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Furthermore, what if there are 'atheists' that say to YOU, "No, atheists just plain do not believe in God period, if you think that it is even possible then you are not an atheist"? How do you handle them? Whose definition wins? The two of you are essentially holding mutually exclusive points of view, yet which of you gets the right to define themselves?
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I completley disagree with you on this one. I reject this notion that, being something allows me to define what that something is. A snail cannot define itself as a lion. If it has lionish qualities, then it isn't a snail, and a new name is required. Essentially you are asking that language be subject to perversion by anyone who doesn't happen to like it. By the way, I don't see you as an atheist, I see you as an agnostic atheist, which is not the same thing. Now, let's take a look at what I just wrote - I described two words - atheist, and agnostic atheist. These are terms that have accepted definitions. Now, if you say, "but this doesn't mean this, this means that" where will it end? Maybe the words I am using in this comment are all up for grabs too? I strongly prefer to keep words the way they are, and if something doesn't quite fit then let's get a new word for that.
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Well, really, I think the specific example you used - religion vs atheism - is just one example of what I see as an larger (and increasing) tendency for people to be 'sure' that what they believe is true, and therefore further debate is unnecessary. They seem unable to live with the idea of uncertainty in their heads, and so are forced to latch on to one idea stick with it come what may. they seem to need to be 'anchored' to something. And these people occupy ALL sides of every debate. Atheists included. For instance, I am appalled how the Global Warming debate has taken on a similar quasi-religious, non-scientific nature, at least on the part of some proponents, whereby dissenters' opinions are not calmly and scientifically examined, but instead met with hostility and dismissed out of hand. To me, just calmly examine the facts and the evidence, come to a conclusion if you wish, but stay open to new evidence. Personally, I think that atheists who are 'sure' in their beliefs must know something I don't, becasue I really don't KNOW for sure whether God exists. I can see both sides as having some good arguments. I couldn't be bothered to get too worked up about it since I see no good way of proving it one way or the other, at least until i enter the afterlife, if it exists. I see nothing particularly magical about the religion debate in this area - it is really the same in many other areas where people have strong opinions.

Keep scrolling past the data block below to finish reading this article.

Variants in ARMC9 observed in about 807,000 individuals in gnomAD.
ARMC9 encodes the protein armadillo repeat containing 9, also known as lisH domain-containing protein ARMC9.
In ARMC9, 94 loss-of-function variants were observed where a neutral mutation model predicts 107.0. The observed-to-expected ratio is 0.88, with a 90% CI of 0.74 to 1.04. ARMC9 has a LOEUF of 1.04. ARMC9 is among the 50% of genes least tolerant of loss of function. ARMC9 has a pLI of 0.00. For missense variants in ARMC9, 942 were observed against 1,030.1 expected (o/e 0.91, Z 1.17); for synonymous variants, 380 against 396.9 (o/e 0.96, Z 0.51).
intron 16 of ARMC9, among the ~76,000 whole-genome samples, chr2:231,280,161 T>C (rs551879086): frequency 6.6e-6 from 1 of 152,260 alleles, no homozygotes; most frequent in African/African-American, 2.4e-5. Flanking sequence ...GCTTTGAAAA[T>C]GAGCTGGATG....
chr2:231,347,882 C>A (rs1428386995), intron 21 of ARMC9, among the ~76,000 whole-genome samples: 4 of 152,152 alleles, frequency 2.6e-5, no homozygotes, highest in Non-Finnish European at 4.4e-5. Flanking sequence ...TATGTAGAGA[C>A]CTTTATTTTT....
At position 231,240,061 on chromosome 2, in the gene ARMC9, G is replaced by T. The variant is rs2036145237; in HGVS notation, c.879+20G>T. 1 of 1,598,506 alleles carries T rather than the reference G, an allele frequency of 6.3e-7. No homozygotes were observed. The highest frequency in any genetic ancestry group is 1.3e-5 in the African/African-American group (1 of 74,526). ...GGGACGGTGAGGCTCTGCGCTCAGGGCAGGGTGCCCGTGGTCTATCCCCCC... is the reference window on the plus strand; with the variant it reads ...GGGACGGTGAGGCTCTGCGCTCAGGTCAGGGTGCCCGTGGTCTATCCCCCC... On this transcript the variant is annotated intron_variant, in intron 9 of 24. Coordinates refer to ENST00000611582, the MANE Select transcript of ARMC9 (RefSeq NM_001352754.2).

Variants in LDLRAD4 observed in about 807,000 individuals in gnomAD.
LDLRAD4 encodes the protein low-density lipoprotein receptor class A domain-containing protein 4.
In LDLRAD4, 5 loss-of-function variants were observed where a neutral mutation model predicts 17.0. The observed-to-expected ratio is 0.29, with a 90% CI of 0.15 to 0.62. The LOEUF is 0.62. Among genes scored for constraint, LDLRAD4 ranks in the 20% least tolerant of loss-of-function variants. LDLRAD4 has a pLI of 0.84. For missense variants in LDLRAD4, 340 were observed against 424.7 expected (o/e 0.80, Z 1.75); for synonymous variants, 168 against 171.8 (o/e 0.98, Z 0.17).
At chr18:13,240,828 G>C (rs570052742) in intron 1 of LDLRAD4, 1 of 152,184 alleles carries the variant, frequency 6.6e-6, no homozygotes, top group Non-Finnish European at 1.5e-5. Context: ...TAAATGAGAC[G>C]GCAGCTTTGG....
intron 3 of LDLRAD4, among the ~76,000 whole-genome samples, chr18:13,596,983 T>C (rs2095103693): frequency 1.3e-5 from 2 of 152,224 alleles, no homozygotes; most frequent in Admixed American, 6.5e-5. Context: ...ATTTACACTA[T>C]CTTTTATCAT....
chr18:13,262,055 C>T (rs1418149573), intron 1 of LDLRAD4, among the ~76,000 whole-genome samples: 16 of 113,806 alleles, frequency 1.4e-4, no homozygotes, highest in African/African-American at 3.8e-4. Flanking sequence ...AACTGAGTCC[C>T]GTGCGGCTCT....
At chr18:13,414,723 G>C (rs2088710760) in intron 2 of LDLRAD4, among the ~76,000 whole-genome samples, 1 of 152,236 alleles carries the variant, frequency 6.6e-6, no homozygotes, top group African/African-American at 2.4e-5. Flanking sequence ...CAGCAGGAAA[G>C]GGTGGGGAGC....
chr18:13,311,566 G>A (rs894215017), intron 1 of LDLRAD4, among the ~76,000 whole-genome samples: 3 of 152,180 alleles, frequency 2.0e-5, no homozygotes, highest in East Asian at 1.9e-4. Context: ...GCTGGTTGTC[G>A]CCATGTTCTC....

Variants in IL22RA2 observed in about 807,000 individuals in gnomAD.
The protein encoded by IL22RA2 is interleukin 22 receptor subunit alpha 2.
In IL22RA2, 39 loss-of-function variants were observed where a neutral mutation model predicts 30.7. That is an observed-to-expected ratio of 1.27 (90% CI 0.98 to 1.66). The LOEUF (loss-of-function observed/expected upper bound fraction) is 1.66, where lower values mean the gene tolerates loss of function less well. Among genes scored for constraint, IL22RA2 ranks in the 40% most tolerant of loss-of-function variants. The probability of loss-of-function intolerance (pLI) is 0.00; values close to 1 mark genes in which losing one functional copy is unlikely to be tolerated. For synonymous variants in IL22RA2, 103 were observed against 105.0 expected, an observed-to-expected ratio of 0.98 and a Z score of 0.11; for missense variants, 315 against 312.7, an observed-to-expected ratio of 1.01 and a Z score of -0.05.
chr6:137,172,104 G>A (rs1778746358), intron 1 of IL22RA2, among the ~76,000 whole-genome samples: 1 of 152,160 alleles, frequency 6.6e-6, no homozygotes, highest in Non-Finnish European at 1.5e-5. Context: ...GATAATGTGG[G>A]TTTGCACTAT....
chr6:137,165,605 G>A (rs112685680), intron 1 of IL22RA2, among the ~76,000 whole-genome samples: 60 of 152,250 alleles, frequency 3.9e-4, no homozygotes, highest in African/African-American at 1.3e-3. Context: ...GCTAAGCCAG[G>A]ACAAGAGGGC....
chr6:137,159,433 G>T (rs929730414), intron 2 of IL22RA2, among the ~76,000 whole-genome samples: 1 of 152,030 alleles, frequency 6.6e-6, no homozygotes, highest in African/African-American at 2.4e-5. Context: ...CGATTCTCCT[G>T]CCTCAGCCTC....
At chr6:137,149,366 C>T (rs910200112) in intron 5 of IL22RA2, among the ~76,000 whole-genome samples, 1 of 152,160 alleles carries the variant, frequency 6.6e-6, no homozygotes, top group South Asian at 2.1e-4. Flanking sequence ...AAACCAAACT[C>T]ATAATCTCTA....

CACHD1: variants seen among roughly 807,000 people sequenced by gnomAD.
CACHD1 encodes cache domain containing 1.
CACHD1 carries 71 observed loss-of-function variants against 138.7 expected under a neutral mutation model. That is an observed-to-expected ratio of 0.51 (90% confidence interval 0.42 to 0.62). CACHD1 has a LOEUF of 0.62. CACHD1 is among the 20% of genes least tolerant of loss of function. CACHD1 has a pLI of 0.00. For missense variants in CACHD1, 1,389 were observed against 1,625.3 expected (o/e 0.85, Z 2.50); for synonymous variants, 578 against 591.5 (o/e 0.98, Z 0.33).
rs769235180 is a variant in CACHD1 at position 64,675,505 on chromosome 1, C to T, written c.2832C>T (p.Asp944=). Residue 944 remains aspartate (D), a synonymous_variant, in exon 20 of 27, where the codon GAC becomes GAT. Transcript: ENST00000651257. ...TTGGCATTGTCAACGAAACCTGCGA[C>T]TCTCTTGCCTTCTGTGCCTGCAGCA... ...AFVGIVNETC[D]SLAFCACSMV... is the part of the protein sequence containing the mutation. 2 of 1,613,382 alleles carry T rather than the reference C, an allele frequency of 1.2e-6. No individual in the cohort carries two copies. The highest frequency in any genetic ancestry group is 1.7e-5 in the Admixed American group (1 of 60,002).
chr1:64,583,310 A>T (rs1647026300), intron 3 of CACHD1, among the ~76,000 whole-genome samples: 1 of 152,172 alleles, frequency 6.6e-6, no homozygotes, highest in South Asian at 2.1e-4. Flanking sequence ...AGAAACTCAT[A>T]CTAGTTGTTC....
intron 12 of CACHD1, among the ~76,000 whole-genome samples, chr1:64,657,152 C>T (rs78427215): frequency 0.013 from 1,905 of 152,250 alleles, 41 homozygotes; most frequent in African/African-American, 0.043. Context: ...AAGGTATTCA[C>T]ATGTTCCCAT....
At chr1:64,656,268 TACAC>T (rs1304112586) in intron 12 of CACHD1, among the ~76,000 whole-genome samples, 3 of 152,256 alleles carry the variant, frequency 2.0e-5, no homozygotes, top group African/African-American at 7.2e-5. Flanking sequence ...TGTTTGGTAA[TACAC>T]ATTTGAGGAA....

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Apr 17, 2012